A New Way of Thinking About Foreign Investments into Central America

The Private Secretary of the Presidency, Héctor Zelaya, indicated somewhat recently that 180 million dollars will be invested into the textile sector (“maquila”) of Honduras. Mentioning in a tweet that “#LoQueVieneEsImportante” meaning “what’s coming is important”, implying that this investment is something good for the country since more employment would be generated. This may seem true at first glance, but unfortunately, this type of investments into the country is not new. Nor is it new for Northern Central America (Guatemala, El Salvador, Honduras). Historical FDI charts, and other data, tell us that this is basically the only type of significant investments flowing into the region for several years; and the maquila sector, like other traditional sectors, is no longer the vehicle for development they once were for countries. This does not mean that we should stop investing in these sectors, but that investments need to start being pushed into an array of new products and services beyond what these countries currently offer. Towards products and services that are incrementally more complex, that provide better jobs, and hence improve the lives of the Central American people.

tweet from private secretary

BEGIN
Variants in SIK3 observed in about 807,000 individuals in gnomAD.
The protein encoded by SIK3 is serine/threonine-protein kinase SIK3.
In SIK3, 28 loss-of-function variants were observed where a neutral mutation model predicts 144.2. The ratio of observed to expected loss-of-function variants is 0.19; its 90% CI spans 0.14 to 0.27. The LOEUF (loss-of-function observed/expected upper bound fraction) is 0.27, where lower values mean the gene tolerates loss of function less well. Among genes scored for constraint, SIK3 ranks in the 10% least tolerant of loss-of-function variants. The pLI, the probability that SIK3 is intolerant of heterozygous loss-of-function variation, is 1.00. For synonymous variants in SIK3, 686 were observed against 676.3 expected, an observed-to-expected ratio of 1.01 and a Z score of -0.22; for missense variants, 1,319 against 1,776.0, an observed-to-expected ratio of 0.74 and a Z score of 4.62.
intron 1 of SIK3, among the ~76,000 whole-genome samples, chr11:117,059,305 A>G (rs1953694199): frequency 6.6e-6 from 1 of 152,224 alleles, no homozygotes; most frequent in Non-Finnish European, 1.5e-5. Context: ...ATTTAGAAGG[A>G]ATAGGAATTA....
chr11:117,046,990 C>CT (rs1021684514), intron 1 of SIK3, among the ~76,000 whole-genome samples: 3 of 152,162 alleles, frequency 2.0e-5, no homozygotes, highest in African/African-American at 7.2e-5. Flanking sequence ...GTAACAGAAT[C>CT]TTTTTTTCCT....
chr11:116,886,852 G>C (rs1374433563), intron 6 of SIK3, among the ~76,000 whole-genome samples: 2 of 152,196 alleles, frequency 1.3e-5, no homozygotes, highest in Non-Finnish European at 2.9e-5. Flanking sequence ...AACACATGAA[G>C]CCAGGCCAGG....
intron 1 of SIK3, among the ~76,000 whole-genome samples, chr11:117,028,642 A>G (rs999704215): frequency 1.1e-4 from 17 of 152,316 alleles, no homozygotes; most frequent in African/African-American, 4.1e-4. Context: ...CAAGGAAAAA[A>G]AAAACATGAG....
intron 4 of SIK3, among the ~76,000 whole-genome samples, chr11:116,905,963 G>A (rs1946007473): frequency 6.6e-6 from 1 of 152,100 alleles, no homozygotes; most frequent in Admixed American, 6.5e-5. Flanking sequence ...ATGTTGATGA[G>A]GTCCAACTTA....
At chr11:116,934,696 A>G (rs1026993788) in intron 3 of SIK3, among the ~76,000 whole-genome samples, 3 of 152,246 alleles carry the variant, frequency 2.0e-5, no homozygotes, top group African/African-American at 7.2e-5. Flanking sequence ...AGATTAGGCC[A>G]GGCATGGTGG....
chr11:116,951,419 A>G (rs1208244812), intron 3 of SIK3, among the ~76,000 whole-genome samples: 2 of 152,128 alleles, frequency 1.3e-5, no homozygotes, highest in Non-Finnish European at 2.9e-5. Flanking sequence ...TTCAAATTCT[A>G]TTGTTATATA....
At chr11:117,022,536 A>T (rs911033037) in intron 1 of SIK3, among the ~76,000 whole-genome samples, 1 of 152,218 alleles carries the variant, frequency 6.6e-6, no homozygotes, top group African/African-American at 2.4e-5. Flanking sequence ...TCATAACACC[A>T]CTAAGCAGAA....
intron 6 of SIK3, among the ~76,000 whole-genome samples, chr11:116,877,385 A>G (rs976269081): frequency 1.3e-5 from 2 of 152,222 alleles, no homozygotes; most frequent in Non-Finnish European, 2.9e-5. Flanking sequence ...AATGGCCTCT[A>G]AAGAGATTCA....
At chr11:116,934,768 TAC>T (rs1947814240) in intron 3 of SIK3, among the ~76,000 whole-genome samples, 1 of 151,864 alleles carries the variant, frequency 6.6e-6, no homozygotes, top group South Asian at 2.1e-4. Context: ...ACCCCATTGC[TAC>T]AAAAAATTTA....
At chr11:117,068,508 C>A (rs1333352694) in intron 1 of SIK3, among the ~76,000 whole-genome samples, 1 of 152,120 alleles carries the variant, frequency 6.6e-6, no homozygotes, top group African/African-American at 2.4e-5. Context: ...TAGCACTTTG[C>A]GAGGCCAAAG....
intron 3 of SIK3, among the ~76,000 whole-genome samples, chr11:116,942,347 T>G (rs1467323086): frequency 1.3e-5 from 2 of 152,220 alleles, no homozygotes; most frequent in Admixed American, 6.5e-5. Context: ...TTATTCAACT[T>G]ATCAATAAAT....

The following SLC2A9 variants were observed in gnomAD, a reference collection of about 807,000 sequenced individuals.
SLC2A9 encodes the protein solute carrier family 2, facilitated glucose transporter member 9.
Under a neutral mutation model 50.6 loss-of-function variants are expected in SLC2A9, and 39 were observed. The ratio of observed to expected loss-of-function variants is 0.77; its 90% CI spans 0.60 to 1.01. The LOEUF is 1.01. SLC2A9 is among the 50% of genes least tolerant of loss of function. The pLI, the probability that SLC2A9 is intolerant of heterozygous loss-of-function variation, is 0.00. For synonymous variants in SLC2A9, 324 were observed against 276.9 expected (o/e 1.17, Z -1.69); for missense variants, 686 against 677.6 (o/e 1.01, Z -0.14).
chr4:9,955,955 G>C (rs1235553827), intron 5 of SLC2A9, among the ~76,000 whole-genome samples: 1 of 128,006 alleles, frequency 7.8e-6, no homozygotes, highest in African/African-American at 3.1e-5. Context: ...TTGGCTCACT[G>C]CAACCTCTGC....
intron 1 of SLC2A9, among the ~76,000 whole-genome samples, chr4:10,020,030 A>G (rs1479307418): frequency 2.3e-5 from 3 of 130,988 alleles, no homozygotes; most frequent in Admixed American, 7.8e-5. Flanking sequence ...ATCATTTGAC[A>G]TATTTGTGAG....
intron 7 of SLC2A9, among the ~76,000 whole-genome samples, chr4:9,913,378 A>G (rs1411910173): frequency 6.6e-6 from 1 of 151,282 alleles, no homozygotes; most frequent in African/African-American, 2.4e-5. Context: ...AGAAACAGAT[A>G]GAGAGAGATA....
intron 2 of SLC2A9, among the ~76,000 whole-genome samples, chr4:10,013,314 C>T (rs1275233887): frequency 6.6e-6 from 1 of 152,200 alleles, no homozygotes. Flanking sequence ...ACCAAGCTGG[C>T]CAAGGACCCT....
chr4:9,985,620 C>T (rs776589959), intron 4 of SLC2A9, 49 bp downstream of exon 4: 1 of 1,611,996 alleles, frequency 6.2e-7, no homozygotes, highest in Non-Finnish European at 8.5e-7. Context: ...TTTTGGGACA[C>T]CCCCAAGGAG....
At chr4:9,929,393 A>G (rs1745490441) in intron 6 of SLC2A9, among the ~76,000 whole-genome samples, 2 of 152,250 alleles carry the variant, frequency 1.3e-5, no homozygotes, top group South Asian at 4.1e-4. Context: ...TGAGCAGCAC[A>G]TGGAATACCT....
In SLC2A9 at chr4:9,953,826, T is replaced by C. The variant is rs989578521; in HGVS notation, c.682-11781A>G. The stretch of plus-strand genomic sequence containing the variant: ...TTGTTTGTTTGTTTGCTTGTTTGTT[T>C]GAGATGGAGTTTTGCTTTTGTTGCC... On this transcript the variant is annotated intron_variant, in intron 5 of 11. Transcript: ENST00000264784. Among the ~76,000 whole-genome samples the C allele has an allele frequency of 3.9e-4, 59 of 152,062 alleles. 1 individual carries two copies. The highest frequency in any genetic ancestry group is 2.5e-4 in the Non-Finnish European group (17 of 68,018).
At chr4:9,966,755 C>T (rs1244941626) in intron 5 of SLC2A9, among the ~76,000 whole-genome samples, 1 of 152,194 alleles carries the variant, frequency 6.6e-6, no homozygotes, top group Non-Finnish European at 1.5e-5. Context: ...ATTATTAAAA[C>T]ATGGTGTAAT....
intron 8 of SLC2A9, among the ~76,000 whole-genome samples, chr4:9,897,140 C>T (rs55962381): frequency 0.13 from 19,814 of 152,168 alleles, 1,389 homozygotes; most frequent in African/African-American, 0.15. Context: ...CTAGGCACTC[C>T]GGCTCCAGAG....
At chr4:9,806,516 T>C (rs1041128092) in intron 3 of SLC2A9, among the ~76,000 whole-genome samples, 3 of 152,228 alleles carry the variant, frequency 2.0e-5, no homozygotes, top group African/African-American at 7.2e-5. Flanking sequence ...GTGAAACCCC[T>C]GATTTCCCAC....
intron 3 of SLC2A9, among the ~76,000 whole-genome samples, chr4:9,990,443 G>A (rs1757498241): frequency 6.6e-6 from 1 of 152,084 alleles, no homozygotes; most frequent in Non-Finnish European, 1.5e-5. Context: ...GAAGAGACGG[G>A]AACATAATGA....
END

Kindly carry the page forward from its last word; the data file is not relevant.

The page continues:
Source: Twitter

Economics tells us that generating employment through industrial sectors such as the maquila is good for economic growth. This was sharply perceived during the 70s and 80s where these sectors served to generate wealth in several countries, particularly in Asia. Unfortunately for Central America, the global context has changed since then: virtually all countries produce textiles and agriculture. Global competition no longer allows a country to sustain social and equitable growth supported solely by these industries. Yet, this mistaken belief persisted in the minds of many, and certainly true in Northern Central America. Let’s continue with the case of Honduras, though the same reasoning applies to both Guatemala and El Salvador. For decades, maquila and manufacturing have been the dominant sources of production. Not great as the income it brings to the country has been in decline from about 33% of GDP in 2000 to 15% in 2020 (author’s analysis using data from the Central Bank).

Graph of Honduras historical exports by sector
Source: Atlas of Economic Complexity – CID, Harvard